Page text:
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Pinoy Big Brother: Presidential Edition (FILIPINO eSCRIBBLES’ 6th anniversary special)

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It was reported a few days ago that the budget for the refurbishment of the more than 80,000 precinct count optical scan (PCOS) machines that will be used for next year’s presidential elections has been raised from ₱2.07 billion to an astonishing ₱3.13 billion. Wow. Imagine that. It’s just for refurbishment. But Commission on Elections (COMELEC) chief Christian Robert Lim even boasted that this move is the most cost effective option by the said constitutional commission for next year’s automated election system.

Will that humongous amount even be worth it? Of course it remains to be seen. However, we here at FILIPINO eSCRIBBLES do not concur with this cost effectiveness. Besides, those billions of pesos could have been used for more poverty alleviating projects. Other than that, it was reported recently that COMELEC is planning to hold voting in malls during next year’s elections for the sake of convenience. Nice.

The way we see it, the most cost effective and convenient option we see fit is to have all our presidentiables live inside “Bahay ni Kuya“.

Yes. we’re talking about ABS-CBN’s hugely popular Pinoy Big Brother (PBB).

For the past decade, this reality show has had several iterations: Celebrity Edition, Teen Edition, Unlimited, etc. We thought of coming up with something different, something that is more noble, and certainly something that is not only cost effective but transparent and convenient to all voters. So why not COMELEC, ABS-CBN, and other related government agencies team up together to form Pinoy Big Brother: Presidential Edition? Instead of having these noble and dignified presidentiables launch costly and “security nightmare” campaigns, have them stay inside the PBB house during the campaign period, preferably for a period of two to three months. The whole country (and the rest of the world) will be able to see these “presidential housemates” together under one roof, seeing their true colors while performing weekly tasks related to the coveted presidential throne. We’ll see them interact with one another on a 24/7 basis through live streaming, witness them dance the nae nae upon waking up every morning, that sort of thing. The last man (or woman) standing, or that person who would survive succeeding evictions, will be declared as the President of the Republic of the Philippines. Viewers, of course, will be asked to vote via SMS, voice messaging, Facebook likes, or even tweets, for whoever they wanted to stay longer in the house. Presidential housemates can also vote for those they would like to evict on occasions to be decided by Kuya, whoever that pr!ck is (it’s probably Eugenio López III himself using a voice changing device for all we know).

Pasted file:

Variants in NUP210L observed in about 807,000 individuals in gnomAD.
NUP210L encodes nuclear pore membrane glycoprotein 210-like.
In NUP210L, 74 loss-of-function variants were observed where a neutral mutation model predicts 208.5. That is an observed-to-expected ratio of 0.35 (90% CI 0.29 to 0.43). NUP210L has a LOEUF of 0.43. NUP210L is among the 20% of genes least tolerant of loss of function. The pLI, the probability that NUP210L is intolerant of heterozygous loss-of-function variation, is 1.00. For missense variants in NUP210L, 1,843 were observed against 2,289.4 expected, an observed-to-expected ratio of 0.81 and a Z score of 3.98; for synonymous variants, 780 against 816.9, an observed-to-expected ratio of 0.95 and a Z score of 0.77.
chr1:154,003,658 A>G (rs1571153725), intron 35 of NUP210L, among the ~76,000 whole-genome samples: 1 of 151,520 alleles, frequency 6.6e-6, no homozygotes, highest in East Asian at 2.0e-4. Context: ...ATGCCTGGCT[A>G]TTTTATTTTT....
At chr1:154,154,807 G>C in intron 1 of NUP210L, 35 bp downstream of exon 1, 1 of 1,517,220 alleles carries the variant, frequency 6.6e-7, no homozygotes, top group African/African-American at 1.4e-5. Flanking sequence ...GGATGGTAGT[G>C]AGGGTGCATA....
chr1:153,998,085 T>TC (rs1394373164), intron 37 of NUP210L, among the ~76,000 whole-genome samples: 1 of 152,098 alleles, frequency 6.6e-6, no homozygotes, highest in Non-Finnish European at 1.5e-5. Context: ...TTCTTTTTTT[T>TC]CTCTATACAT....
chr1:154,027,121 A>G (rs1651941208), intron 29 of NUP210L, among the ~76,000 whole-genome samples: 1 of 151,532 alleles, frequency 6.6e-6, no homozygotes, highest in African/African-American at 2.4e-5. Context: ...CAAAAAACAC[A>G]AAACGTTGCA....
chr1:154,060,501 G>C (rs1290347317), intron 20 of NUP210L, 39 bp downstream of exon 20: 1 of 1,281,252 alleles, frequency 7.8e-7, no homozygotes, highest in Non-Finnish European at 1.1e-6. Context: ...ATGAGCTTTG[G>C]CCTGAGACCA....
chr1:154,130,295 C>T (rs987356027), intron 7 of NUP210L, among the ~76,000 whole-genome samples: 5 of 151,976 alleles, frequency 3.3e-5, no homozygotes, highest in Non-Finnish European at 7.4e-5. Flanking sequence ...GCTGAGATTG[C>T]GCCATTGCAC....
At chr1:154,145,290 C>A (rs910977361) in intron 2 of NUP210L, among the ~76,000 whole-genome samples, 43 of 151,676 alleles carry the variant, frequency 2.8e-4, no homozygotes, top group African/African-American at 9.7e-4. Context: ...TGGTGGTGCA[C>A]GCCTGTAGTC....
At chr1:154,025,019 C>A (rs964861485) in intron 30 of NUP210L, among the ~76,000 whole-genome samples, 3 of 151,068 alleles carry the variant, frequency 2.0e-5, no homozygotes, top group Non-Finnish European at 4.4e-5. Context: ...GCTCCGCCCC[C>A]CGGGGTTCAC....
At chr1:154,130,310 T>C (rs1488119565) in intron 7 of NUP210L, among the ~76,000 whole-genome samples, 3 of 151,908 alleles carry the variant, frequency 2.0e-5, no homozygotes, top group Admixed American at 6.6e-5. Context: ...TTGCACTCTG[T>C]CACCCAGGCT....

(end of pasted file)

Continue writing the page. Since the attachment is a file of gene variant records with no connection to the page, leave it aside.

So far, those who have already confirmed their candidacy, including those who are still playing coy f0r the position, are as follows:

Alan Peter Cayetano
Míriam Defensor-Santiago
Rodrigo Duterte
Chiz Escudero
Jinggoy Estrada
Pánfilo Lacson
Bongbong Marcos
Grace Poe
Mar Roxas

POSSIBLE SCENARIO (déjà vu alert!)

On day one, Bínay will be immediately evicted by both viewers and presidential housemates for obvious reasons — nobody likes him. Not even Kuya himself. It will be a record first in PBB for being the earliest eviction ever.

Before the second eviction takes place, Defensor-Santiago will certainly walk out (nothing new, really), but not without blurting out her disapproval: